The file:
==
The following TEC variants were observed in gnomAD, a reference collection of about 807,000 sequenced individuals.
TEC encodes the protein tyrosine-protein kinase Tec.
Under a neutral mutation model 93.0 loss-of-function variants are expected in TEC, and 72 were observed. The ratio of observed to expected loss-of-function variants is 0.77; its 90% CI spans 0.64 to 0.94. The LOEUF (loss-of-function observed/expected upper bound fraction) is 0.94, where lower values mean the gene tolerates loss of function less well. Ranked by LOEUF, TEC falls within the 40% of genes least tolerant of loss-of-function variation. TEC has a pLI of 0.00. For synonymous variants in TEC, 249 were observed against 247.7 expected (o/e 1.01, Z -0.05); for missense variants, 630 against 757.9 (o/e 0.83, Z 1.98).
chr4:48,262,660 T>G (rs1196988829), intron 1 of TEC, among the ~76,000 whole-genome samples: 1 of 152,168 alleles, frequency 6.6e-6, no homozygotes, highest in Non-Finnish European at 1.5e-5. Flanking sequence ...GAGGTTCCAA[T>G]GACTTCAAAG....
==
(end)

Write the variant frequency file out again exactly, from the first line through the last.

The following TEC variants were observed in gnomAD, a reference collection of about 807,000 sequenced individuals.
TEC encodes the protein tyrosine-protein kinase Tec.
Under a neutral mutation model 93.0 loss-of-function variants are expected in TEC, and 72 were observed. The ratio of observed to expected loss-of-function variants is 0.77; its 90% CI spans 0.64 to 0.94. The LOEUF (loss-of-function observed/expected upper bound fraction) is 0.94, where lower values mean the gene tolerates loss of function less well. Ranked by LOEUF, TEC falls within the 40% of genes least tolerant of loss-of-function variation. TEC has a pLI of 0.00. For synonymous variants in TEC, 249 were observed against 247.7 expected (o/e 1.01, Z -0.05); for missense variants, 630 against 757.9 (o/e 0.83, Z 1.98).
chr4:48,262,660 T>G (rs1196988829), intron 1 of TEC, among the ~76,000 whole-genome samples: 1 of 152,168 alleles, frequency 6.6e-6, no homozygotes, highest in Non-Finnish European at 1.5e-5. Flanking sequence ...GAGGTTCCAA[T>G]GACTTCAAAG....